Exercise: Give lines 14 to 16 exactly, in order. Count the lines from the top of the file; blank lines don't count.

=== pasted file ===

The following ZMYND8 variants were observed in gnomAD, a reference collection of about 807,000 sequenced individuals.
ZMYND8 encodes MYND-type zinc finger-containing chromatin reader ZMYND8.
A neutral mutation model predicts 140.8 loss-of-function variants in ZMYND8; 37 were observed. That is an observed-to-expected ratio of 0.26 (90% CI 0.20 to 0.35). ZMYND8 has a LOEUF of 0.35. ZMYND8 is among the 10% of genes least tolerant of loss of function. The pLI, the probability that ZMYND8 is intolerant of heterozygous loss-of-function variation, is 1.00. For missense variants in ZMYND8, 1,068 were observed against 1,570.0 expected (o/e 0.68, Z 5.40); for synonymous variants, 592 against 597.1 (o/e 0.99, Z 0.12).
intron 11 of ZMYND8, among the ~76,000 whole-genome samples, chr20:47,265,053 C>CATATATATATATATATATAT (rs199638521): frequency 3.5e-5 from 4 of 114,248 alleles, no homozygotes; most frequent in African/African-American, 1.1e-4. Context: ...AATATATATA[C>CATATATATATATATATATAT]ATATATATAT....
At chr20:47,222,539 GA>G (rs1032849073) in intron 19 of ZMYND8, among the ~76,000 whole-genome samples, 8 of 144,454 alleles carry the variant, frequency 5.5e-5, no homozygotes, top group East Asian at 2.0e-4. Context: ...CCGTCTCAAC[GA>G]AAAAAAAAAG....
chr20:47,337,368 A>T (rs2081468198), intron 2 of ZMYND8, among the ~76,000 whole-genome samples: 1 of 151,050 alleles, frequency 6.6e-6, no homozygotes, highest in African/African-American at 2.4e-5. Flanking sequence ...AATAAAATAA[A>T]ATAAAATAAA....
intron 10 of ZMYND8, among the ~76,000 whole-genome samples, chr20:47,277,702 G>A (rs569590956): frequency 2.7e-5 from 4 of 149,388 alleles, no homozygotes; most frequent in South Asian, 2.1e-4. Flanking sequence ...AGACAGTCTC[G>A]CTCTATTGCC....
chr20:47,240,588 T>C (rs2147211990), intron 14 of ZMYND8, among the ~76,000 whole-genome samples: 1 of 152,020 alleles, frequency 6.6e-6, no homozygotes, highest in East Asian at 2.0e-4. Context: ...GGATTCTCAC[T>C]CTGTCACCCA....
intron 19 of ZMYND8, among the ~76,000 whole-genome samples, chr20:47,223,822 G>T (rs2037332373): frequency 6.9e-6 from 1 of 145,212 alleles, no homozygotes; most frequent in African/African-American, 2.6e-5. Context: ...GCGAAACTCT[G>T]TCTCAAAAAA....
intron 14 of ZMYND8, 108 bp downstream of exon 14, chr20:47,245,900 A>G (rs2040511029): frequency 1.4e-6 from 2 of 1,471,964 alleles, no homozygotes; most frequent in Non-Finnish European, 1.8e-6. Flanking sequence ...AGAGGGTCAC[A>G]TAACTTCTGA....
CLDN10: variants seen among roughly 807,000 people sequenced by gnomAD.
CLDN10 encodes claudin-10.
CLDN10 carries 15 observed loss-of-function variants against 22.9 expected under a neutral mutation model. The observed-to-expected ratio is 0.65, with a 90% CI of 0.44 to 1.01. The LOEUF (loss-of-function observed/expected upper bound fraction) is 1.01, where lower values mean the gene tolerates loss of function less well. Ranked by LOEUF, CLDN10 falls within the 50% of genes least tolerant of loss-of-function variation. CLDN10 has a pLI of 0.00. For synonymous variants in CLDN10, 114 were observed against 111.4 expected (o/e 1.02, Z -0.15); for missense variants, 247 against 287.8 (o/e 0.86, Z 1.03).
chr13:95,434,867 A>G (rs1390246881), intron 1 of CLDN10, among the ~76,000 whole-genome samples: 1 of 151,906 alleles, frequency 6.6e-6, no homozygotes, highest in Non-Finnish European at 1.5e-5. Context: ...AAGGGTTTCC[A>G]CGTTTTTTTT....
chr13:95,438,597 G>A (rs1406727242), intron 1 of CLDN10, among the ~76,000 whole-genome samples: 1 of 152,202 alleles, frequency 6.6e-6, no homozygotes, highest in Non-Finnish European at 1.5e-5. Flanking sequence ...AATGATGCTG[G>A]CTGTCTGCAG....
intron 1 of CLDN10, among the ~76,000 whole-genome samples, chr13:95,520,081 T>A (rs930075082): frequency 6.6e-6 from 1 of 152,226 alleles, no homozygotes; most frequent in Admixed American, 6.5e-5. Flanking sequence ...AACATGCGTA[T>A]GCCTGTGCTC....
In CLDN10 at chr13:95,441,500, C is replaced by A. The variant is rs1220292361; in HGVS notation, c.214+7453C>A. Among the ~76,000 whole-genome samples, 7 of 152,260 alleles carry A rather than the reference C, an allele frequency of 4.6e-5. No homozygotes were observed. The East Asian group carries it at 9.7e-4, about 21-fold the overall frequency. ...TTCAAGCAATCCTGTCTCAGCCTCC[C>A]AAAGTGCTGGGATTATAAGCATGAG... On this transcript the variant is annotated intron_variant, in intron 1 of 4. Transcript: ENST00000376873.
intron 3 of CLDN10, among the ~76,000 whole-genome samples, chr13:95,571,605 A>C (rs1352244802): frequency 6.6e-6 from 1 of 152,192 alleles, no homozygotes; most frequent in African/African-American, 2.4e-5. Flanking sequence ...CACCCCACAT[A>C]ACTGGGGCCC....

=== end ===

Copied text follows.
chr13:95,434,867 A>G (rs1390246881), intron 1 of CLDN10, among the ~76,000 whole-genome samples: 1 of 151,906 alleles, frequency 6.6e-6, no homozygotes, highest in Non-Finnish European at 1.5e-5. Context: ...AAGGGTTTCC[A>G]CGTTTTTTTT....
chr13:95,438,597 G>A (rs1406727242), intron 1 of CLDN10, among the ~76,000 whole-genome samples: 1 of 152,202 alleles, frequency 6.6e-6, no homozygotes, highest in Non-Finnish European at 1.5e-5. Flanking sequence ...AATGATGCTG[G>A]CTGTCTGCAG....
intron 1 of CLDN10, among the ~76,000 whole-genome samples, chr13:95,520,081 T>A (rs930075082): frequency 6.6e-6 from 1 of 152,226 alleles, no homozygotes; most frequent in Admixed American, 6.5e-5. Flanking sequence ...AACATGCGTA[T>A]GCCTGTGCTC....